Friday, September 24, 2010

Country Life

Oh, Toto. We're definitely not in Chicago anymore.The past 24 hours have been filled with not-so-subtle reminders that we live in the country.

Mid-day yesterday, the air filled with the smell of wood smoke. At first, I thought some fool had decided to burn brush despite the dry, breezy conditions. Then I spotted the smoke--and lots of it--coming from the ridge directly across the creek from our property. I grabbed my camera (mostly for its telephoto lens) and headed up onto the Booth (the big hill beyond our barns) to get a closer look. Not only did I get an eyeful of smoke and flames leaping up the trees, but I found lots of ash in our very dry pasture up there. Most frightening was the sound of the fire whooshing through the underbrush every time the breeze kicked up.

I could hear the firemen talking on their radios not far from where I was, so I knew they were at least watching it. A neighbor who called 911 later told me that it was a controlled burn. We'd had one of those a couple of years ago in the same place but not nearly so big. I don't know if it got out of control or if there was just that much more fuel on the ground after our big snowstorm last winter, but this one was too close for comfort.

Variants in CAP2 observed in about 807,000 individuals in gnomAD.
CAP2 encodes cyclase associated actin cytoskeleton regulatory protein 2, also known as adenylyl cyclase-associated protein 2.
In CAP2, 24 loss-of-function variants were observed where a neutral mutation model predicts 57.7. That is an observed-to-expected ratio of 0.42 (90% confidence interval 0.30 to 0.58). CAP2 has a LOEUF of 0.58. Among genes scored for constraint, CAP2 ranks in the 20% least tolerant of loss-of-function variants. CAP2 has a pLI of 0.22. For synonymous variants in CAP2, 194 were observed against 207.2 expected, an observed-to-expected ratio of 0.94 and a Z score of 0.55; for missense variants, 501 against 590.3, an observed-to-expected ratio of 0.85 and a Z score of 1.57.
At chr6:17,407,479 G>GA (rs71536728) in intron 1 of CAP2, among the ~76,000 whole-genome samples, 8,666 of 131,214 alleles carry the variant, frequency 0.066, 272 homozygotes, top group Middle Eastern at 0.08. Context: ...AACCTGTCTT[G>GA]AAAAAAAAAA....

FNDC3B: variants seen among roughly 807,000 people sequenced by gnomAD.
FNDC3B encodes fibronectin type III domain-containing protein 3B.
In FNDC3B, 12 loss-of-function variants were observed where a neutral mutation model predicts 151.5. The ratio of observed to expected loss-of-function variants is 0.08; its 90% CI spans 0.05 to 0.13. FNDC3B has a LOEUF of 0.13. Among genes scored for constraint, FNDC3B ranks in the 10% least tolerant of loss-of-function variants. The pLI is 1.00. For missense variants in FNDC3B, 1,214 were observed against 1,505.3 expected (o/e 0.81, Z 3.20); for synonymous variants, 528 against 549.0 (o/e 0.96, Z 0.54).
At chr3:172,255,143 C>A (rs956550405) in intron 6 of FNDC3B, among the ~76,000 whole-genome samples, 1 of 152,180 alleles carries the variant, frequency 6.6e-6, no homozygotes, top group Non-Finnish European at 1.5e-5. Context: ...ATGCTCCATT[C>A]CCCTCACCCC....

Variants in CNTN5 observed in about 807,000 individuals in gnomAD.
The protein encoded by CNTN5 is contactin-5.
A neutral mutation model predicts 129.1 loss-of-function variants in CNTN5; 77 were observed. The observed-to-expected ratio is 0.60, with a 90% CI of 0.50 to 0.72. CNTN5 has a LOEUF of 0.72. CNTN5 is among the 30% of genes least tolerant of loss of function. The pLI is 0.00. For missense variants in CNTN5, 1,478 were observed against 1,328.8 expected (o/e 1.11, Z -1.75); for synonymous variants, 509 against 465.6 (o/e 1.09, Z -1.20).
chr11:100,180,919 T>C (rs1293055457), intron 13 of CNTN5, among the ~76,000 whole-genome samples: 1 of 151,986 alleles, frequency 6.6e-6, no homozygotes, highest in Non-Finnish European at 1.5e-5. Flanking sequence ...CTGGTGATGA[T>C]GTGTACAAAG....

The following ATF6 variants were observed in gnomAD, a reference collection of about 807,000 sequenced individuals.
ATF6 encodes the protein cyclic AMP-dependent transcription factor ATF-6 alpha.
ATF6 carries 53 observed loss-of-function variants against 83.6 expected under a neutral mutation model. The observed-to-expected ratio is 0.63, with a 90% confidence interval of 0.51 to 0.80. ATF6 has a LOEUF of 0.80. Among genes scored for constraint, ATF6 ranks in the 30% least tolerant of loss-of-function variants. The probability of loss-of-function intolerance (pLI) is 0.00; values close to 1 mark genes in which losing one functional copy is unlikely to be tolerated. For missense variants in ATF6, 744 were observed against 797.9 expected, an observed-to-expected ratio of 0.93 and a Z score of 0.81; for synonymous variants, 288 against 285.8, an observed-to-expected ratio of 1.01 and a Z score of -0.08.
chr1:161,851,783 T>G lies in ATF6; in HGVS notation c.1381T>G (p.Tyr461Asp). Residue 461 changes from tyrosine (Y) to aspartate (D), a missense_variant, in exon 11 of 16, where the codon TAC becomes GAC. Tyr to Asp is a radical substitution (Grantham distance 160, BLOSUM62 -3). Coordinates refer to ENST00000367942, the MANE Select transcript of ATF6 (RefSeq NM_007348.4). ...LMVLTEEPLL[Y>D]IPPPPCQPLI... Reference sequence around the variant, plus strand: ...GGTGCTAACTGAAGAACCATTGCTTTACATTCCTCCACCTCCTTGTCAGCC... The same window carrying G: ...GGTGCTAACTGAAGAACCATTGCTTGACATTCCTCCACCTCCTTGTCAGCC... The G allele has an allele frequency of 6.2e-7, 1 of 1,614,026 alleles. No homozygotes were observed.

Although I had no idea where I was going to take the buffs if the fire started coming our way, I figured I could at least make it easier to collect them by closing off their access to the Booth. Fortunately, I had just given them access to some new pasture so they weren't very interested in the Booth, anyway. They certainly didn't seem bothered by the fire. Eschol was maxing and relaxing.

While Audrey had a big old stretch, I went up to the orchard to try to get a better look at the fire.